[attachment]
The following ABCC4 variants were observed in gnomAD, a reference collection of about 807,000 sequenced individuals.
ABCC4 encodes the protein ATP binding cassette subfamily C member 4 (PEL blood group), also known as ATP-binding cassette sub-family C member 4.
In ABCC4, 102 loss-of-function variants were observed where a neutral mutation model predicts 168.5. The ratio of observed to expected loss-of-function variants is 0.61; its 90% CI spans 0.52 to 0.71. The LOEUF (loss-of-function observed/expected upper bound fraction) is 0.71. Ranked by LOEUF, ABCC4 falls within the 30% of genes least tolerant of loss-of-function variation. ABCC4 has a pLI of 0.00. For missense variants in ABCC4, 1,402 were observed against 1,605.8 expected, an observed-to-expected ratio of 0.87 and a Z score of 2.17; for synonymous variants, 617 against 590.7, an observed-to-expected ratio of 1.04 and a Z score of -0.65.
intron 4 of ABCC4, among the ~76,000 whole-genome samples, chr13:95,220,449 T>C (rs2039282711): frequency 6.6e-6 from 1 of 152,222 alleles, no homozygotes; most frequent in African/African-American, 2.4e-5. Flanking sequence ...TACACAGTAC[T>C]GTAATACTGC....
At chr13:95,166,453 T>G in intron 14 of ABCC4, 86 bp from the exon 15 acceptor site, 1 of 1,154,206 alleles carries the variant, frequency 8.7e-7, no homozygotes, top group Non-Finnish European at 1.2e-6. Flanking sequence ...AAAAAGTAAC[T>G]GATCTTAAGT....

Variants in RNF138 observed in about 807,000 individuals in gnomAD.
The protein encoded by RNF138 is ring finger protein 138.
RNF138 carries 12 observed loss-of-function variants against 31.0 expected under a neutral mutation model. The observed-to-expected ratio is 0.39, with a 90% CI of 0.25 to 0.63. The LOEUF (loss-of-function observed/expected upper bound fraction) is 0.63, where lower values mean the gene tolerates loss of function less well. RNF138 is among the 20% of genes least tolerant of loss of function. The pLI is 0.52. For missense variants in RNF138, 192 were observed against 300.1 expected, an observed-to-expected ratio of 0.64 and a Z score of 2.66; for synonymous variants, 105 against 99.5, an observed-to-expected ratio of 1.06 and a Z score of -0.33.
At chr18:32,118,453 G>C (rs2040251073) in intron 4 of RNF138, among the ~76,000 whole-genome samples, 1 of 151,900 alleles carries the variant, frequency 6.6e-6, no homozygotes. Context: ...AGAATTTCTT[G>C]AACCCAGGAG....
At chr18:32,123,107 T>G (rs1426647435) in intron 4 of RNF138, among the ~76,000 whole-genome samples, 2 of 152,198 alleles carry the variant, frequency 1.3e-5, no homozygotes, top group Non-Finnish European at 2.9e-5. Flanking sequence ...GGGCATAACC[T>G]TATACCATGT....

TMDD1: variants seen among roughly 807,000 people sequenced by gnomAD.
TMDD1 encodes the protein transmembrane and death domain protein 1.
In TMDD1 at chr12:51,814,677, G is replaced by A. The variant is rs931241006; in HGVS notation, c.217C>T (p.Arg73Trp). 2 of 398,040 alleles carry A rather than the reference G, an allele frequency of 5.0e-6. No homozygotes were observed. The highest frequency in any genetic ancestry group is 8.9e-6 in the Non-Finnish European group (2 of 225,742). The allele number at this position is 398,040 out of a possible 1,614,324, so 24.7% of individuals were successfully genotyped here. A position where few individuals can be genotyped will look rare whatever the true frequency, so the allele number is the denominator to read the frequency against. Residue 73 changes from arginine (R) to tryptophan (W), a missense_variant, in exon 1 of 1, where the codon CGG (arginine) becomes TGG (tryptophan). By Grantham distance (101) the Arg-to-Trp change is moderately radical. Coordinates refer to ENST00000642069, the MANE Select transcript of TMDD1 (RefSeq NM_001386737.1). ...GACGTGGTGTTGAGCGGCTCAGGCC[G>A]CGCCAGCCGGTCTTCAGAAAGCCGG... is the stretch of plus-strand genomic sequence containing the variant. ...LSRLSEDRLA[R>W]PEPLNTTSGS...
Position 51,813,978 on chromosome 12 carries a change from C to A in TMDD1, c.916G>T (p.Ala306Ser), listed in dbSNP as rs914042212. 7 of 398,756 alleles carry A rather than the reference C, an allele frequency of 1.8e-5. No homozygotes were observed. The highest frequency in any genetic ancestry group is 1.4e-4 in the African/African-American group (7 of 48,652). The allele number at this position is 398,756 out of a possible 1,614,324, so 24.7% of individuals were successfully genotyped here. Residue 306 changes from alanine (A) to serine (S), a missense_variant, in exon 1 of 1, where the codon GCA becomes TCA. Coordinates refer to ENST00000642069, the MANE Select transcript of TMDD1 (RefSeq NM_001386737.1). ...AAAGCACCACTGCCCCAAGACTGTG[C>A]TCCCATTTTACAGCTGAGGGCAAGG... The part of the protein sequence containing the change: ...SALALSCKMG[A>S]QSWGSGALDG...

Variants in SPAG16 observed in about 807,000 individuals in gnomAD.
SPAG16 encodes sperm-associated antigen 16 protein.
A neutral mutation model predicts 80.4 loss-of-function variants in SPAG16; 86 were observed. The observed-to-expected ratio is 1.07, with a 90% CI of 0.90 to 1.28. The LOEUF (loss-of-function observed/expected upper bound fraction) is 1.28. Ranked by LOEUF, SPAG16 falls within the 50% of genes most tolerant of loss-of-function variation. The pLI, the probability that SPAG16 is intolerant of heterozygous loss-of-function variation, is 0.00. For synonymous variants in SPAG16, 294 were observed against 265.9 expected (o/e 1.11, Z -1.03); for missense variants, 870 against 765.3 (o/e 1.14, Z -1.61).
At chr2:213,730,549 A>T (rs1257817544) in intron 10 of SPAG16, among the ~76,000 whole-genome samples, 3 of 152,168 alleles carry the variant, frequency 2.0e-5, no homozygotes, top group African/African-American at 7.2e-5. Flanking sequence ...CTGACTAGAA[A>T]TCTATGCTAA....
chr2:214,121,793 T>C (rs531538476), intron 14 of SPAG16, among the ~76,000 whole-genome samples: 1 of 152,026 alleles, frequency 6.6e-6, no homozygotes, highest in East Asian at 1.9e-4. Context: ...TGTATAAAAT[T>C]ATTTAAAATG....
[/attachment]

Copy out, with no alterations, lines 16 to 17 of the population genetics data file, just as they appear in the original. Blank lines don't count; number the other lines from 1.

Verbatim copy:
SPAG16 encodes sperm-associated antigen 16 protein.
A neutral mutation model predicts 80.4 loss-of-function variants in SPAG16; 86 were observed. The observed-to-expected ratio is 1.07, with a 90% CI of 0.90 to 1.28. The LOEUF (loss-of-function observed/expected upper bound fraction) is 1.28. Ranked by LOEUF, SPAG16 falls within the 50% of genes most tolerant of loss-of-function variation. The pLI, the probability that SPAG16 is intolerant of heterozygous loss-of-function variation, is 0.00. For synonymous variants in SPAG16, 294 were observed against 265.9 expected (o/e 1.11, Z -1.03); for missense variants, 870 against 765.3 (o/e 1.14, Z -1.61).